Discusses the recent news that renewable energy (including hydro as well) now supplies more electricity to the US grid than does nuclear power. The post then goes on to list some large solar and wind projects in advanced stages of the development pipeline as a reason for being optimistic that the solar and wind side of the renewables is rapidly growing in scale.
This post takes a look at hydro power potential in the US, which is significant. For example, Oak Ridge National Laboratory has estimated that there is more than 12GW of untapped capacity at existing dams across the US; this is in part due to the fact that only 3% of existing dams generate electricity. Furthermore a 2006 DOE report noted that in every region realistic increases in generation capacity ranged from a minimum of 50% to well over 100%, which represents a lot of potential additional power. Large dams have serious environmental issues, disrupting Salmon runs for example, but a lot more power can be generated from existing dams and from less disruptive run of the river hydro.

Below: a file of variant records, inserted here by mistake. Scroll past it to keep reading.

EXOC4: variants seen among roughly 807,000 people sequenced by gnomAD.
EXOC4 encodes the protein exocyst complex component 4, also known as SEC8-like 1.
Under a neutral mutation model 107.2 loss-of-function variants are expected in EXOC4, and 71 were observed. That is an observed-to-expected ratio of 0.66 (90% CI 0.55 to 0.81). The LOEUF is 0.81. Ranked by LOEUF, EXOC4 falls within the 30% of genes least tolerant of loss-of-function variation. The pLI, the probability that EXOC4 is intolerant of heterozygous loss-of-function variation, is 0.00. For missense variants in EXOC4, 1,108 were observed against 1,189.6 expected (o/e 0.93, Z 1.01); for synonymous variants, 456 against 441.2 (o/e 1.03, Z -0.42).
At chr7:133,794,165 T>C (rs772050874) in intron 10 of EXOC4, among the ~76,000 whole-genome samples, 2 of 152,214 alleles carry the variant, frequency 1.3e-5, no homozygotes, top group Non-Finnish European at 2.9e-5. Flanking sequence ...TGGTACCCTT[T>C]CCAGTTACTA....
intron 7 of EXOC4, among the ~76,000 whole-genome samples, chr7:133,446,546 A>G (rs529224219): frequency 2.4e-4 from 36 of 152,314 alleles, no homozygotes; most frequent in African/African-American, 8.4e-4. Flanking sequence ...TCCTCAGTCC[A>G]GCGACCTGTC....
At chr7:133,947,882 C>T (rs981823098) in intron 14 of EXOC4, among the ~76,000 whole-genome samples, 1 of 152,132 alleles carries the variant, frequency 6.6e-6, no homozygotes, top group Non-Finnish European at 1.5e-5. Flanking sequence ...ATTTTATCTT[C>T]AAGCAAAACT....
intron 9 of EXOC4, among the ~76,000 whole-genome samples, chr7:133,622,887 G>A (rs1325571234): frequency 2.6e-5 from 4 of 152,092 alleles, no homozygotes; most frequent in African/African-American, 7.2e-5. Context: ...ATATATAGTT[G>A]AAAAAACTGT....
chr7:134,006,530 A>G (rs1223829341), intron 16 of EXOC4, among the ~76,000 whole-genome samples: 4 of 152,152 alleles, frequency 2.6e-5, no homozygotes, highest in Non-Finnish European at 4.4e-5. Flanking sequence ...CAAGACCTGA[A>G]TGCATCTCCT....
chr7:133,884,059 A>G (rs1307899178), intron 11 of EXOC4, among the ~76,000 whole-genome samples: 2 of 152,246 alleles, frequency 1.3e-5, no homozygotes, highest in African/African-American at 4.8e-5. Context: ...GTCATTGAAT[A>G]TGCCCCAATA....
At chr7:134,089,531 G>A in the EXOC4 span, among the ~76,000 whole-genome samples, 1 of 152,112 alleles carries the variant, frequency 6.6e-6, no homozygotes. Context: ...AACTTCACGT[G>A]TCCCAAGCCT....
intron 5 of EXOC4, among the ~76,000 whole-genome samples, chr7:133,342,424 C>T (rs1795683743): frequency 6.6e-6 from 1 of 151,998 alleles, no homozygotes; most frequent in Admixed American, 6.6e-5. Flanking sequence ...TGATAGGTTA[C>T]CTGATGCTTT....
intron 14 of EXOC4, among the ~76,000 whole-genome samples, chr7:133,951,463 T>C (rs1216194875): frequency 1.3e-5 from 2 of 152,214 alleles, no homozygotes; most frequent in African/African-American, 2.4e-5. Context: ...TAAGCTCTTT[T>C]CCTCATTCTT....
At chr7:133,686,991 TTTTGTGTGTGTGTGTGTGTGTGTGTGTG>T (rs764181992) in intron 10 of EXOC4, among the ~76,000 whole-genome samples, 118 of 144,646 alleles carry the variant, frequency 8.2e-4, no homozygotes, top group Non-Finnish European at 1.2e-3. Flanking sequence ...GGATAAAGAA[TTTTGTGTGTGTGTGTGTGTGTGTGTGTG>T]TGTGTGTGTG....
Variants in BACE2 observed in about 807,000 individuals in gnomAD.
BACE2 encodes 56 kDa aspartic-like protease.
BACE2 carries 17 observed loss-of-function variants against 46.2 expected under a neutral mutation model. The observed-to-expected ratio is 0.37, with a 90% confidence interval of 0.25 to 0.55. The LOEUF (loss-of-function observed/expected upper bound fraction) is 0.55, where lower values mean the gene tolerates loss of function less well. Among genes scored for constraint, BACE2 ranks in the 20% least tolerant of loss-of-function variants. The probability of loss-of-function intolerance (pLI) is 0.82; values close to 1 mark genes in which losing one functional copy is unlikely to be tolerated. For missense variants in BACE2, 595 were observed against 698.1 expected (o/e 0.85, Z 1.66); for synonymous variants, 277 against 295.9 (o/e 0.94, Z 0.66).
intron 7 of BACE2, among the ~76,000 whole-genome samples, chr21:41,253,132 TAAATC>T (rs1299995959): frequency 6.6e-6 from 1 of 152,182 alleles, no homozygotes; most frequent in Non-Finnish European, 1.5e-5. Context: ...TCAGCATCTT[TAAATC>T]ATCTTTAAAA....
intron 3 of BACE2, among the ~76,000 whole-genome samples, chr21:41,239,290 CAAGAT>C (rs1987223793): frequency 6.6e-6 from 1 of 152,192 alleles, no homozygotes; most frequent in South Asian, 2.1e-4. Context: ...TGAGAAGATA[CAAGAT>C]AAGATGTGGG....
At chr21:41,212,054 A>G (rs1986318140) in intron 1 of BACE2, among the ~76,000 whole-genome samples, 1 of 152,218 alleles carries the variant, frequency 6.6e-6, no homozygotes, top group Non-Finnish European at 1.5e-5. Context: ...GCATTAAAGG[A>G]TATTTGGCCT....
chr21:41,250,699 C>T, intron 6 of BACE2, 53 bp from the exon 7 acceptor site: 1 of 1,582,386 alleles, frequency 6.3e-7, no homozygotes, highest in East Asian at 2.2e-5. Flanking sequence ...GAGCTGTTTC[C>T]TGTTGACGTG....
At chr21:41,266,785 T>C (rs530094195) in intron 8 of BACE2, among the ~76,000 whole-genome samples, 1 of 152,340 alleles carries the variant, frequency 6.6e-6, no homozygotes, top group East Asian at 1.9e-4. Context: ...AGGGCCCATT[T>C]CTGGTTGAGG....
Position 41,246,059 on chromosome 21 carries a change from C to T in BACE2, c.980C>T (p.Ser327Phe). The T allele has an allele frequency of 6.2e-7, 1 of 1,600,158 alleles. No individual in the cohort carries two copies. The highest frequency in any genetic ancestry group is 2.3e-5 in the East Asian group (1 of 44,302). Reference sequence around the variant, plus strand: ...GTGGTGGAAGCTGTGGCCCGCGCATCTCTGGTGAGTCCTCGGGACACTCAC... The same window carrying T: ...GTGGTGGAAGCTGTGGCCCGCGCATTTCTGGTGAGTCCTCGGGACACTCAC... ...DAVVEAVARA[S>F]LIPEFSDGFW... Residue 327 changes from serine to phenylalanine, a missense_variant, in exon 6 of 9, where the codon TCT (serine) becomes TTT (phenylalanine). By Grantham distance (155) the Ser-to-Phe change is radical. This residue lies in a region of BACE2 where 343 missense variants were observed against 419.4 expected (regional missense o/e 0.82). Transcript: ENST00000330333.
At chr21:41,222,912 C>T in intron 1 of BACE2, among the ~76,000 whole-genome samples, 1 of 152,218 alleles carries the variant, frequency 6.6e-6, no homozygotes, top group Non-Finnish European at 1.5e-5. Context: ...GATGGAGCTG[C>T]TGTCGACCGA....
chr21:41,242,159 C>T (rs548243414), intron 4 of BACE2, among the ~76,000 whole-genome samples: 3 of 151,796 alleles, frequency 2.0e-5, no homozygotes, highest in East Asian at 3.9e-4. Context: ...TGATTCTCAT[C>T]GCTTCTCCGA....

A new study that is sure to create some controversy proposes that the world can provide for all of its energy needs, including electric, transportation, heating/cooling energy needs using only wind, water, and solar power by 2030.
Stephen Hinton, provides a compilation of professionals that will see growth as the US economy goes green. He predicts that those in STEM professions (Science, Technology, Engineering and Mathematics) will experience the most job security.
The Natural Resources Defense Council (NRDC) recently announced their list of the greenest cities in the United States and have released their findings on a new web site, called Smarter Cities. The survey includes all cities in the United States with populations larger than 50,000. Smarter Cities is considered to be one of the nation’s most comprehensive and robust database of U.S. urban progress toward sustainability. Seattle ranked number one and San Francisco ranked number 2 among the 67 large cities that were evaluated. Madison, Wisconsin placed firstand Santa Rosa, California came in second among the 176 medium cities that were surveyed. Among the 402 cities that were evaluated, Bellingham, Washington came in first place and Mountain View, California came in second.